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From Macy’s in 1947 to Macy’s in 2020: Miracle on 34th Street 73 years later

December 23, 2020

This February, the dingy vacant Macy’s building once filled with fluorescent lights, mannequins, and perfume counters will become the temporary new home of BHS. As department stores all across the nation are shutting their doors, unable to keep up with major online competitors, and in our case, opening them to PCB-displaced high schoolers, it is hard to imagine a time when these dinosaurs ruled the retail world. Miracle on 34th Street, written and directed by George Seaton, invites you into that world to experience the magic of Macy’s in its heyday through the story of a seasonal Santa, who just perhaps may be the real thing. 

Doris Walker (Maureen O’Hara) and Kris Kringle (Edmund Gwenn.)  Miracle on 34th Street, 20th Century Studios.

While the film was released in 1947 (in May, oddly enough), in 2020 it holds its own. It still works 73 years later because it does not oversimplify relationships, motivations, characters, or right and wrong. Other than one despicable minor character, there are no villains. Everyone is in some way flawed and no one is heroic. The characters grow not by fundamentally changing who they are, but by learning how to let the best parts of themselves shine through. Perhaps especially after this disastrous year we have all just gone through, Miracle on 34th Street is a needed reminder that we can find magic not by escaping reality, but accepting it. 


There are certain formulas and tropes that define the “Christmas” genre and Miracle on 34th Street has all the ingredients of cliché Christmas schmaltz: a city-living woman driven by work who has forgotten the true meaning of Christmas learns how to have faith with help of a man and a little Christmas magic. 


Miracle on 34th Street takes these tired clichés and transcends them.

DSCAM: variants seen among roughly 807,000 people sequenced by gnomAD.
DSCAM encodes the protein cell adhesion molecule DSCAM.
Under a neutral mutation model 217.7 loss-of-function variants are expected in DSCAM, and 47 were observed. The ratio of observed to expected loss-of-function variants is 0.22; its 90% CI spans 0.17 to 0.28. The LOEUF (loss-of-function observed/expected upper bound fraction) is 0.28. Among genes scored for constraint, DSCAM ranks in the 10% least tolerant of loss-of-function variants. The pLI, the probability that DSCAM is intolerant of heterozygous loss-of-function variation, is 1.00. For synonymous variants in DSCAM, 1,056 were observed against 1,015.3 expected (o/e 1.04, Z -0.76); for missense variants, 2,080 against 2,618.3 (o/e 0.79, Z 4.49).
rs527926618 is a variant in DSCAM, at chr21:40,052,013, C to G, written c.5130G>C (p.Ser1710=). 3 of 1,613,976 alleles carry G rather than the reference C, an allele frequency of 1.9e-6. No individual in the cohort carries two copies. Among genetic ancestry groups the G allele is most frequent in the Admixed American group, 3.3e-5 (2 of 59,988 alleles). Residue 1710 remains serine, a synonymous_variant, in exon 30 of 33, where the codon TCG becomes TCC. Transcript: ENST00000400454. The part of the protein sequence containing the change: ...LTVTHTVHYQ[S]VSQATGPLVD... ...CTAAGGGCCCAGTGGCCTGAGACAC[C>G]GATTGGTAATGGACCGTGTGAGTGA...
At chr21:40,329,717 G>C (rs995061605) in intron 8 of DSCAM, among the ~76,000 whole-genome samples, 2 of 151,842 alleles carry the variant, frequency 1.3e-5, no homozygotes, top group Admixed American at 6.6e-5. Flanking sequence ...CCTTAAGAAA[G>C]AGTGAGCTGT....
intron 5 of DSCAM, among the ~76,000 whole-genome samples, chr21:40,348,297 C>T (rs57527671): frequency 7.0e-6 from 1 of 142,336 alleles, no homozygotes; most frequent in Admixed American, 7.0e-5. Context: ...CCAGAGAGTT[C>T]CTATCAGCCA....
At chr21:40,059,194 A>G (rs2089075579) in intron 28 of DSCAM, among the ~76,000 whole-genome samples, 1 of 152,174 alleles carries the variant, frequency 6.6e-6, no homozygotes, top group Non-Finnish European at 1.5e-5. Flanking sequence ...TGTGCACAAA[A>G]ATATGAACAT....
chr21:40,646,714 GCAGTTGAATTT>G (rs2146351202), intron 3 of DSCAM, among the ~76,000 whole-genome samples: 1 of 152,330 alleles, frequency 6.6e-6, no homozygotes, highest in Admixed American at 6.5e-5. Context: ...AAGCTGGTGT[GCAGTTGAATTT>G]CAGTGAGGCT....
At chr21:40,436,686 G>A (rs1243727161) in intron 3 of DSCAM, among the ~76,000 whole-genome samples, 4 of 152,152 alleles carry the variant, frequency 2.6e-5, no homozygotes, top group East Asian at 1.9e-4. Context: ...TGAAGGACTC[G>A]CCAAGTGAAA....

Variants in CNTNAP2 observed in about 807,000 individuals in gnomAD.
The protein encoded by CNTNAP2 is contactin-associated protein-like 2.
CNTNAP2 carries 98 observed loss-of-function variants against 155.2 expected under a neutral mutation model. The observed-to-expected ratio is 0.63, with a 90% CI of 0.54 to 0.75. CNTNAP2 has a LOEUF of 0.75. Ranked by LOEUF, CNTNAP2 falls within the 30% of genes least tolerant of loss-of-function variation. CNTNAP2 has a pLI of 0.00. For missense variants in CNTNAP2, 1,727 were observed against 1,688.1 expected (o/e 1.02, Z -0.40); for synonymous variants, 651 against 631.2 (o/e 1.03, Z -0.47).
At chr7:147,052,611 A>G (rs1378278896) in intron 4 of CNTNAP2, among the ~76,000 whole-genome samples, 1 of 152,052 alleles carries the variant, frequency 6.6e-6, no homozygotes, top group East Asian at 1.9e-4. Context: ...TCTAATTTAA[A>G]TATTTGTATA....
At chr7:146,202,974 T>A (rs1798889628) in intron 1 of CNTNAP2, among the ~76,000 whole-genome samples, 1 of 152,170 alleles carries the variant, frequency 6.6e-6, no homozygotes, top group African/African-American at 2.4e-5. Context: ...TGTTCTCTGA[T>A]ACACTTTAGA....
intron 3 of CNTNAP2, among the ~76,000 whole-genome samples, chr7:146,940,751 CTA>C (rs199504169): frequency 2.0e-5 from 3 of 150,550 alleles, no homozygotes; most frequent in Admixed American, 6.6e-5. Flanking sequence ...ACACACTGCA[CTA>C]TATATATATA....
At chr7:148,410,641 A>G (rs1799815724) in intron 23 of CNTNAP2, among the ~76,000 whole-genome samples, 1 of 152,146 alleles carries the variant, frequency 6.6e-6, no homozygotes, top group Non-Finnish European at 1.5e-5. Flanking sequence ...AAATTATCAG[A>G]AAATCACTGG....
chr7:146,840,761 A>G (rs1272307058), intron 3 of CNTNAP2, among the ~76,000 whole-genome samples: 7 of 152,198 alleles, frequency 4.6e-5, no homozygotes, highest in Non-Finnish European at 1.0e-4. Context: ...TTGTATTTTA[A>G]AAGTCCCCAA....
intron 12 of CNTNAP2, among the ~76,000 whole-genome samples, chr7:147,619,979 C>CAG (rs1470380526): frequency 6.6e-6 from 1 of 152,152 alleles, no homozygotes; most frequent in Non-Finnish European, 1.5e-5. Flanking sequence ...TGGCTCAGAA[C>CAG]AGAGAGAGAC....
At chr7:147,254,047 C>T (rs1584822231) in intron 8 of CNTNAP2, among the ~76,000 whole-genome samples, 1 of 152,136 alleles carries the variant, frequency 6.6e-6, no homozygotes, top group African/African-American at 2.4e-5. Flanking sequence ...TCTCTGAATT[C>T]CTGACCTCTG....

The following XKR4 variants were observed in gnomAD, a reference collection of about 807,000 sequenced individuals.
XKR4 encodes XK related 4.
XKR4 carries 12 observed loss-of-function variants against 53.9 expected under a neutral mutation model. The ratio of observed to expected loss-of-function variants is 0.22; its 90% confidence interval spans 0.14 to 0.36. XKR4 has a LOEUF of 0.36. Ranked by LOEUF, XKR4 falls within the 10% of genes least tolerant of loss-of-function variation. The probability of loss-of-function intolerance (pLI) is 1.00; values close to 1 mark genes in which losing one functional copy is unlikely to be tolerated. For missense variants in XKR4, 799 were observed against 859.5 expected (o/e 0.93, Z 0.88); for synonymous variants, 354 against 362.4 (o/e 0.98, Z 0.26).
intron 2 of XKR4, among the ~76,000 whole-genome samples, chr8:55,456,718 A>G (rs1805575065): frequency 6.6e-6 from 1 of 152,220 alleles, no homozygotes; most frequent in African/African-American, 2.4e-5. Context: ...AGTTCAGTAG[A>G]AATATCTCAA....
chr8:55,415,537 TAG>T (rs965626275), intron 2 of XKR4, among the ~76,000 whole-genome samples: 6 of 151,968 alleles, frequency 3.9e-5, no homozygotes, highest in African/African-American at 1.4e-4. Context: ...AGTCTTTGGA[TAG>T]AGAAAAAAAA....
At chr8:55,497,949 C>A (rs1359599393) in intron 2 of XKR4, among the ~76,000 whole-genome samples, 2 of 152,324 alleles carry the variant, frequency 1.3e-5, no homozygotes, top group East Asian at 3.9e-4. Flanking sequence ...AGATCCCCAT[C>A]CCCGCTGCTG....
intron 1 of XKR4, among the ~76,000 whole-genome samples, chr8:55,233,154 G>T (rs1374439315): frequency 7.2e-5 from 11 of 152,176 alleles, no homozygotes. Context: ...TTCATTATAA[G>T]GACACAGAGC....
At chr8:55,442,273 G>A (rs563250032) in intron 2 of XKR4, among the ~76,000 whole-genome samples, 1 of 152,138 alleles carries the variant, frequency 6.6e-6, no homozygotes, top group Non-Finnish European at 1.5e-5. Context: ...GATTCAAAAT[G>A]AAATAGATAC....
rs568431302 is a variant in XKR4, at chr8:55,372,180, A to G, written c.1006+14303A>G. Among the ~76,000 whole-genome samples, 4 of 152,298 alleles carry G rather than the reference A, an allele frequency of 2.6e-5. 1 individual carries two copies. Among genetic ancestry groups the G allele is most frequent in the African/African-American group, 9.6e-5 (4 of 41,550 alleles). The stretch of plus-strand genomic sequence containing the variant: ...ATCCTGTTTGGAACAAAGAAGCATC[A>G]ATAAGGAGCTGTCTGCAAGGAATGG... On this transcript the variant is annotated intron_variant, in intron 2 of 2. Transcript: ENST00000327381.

The story follows Doris Walker (Maureen O’Hara,) a Macy’s executive in charge of orchestrating the annual Thanksgiving Day Parade. Doris, a divorcee, and her six-year-old daughter Susan (Natalie Wood) live alone. At the time this was a radically positive portrayal of divorce and was responsible for the film’s negative B-rating from the Catholic Legion of Decency. Doris is pragmatic and cynical. She sets realistic expectations of the world, and passes these attitudes on to young Susan to protect her. She is a working woman and a single mother in a high-power job in the ’40s. We understand she teaches Susan not to believe in Santa or fairy tales not because she is a bad mother, but because she is a good one. 


Susan Walker (Natalie Wood) and Fred Gailey (John Payne) watching the Macy’s Parade. Miracle on 34th Street, 20th Century Studios.

Fred Gailey (John Payne), a sharp young lawyer who is her upstairs neighbor, fancies Doris and begins to win her over by spending time with Susan. In vain, he encourages Susan to adopt a more child-like view of the world, filled with fairy tales, make-believe, and yes, Santa Claus. 


On the day of the Macy’s Thanksgiving Day Parade, when the Santa hired is in a hilariously drunken state, a short old man with a long white beard (Edmund Gwenn)—who we will later learn goes by Kris Kringle—is offered the position. He delivers such a convincing performance, Mr. Macy himself insists he is hired as the season-long Santa.